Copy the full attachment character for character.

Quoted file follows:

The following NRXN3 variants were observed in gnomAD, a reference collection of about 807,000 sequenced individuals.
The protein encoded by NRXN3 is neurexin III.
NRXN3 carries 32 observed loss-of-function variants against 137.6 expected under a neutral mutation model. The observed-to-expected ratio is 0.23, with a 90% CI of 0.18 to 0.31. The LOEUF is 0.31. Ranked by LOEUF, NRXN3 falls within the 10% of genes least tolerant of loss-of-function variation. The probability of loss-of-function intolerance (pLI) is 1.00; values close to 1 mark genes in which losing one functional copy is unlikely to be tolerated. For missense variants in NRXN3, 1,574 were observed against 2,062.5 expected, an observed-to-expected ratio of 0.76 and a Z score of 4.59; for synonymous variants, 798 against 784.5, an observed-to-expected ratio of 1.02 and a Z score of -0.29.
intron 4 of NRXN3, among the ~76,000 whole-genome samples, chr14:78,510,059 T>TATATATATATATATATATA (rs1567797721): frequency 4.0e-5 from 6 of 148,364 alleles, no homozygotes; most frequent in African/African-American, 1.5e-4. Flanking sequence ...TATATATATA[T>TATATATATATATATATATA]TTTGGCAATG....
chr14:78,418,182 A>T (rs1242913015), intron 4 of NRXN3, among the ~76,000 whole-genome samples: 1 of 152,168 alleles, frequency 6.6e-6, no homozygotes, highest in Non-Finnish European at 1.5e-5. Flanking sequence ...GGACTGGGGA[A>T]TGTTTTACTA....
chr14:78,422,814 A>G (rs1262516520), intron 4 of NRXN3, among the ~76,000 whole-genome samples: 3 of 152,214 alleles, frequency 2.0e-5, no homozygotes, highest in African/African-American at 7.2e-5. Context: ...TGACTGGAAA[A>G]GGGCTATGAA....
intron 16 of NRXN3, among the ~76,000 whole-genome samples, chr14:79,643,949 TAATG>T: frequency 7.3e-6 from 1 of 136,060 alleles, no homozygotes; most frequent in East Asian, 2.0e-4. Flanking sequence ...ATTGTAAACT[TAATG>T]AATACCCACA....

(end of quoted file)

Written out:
The following NRXN3 variants were observed in gnomAD, a reference collection of about 807,000 sequenced individuals.
The protein encoded by NRXN3 is neurexin III.
NRXN3 carries 32 observed loss-of-function variants against 137.6 expected under a neutral mutation model. The observed-to-expected ratio is 0.23, with a 90% CI of 0.18 to 0.31. The LOEUF is 0.31. Ranked by LOEUF, NRXN3 falls within the 10% of genes least tolerant of loss-of-function variation. The probability of loss-of-function intolerance (pLI) is 1.00; values close to 1 mark genes in which losing one functional copy is unlikely to be tolerated. For missense variants in NRXN3, 1,574 were observed against 2,062.5 expected, an observed-to-expected ratio of 0.76 and a Z score of 4.59; for synonymous variants, 798 against 784.5, an observed-to-expected ratio of 1.02 and a Z score of -0.29.
intron 4 of NRXN3, among the ~76,000 whole-genome samples, chr14:78,510,059 T>TATATATATATATATATATA (rs1567797721): frequency 4.0e-5 from 6 of 148,364 alleles, no homozygotes; most frequent in African/African-American, 1.5e-4. Flanking sequence ...TATATATATA[T>TATATATATATATATATATA]TTTGGCAATG....
chr14:78,418,182 A>T (rs1242913015), intron 4 of NRXN3, among the ~76,000 whole-genome samples: 1 of 152,168 alleles, frequency 6.6e-6, no homozygotes, highest in Non-Finnish European at 1.5e-5. Flanking sequence ...GGACTGGGGA[A>T]TGTTTTACTA....
chr14:78,422,814 A>G (rs1262516520), intron 4 of NRXN3, among the ~76,000 whole-genome samples: 3 of 152,214 alleles, frequency 2.0e-5, no homozygotes, highest in African/African-American at 7.2e-5. Context: ...TGACTGGAAA[A>G]GGGCTATGAA....
intron 16 of NRXN3, among the ~76,000 whole-genome samples, chr14:79,643,949 TAATG>T: frequency 7.3e-6 from 1 of 136,060 alleles, no homozygotes; most frequent in East Asian, 2.0e-4. Flanking sequence ...ATTGTAAACT[TAATG>T]AATACCCACA....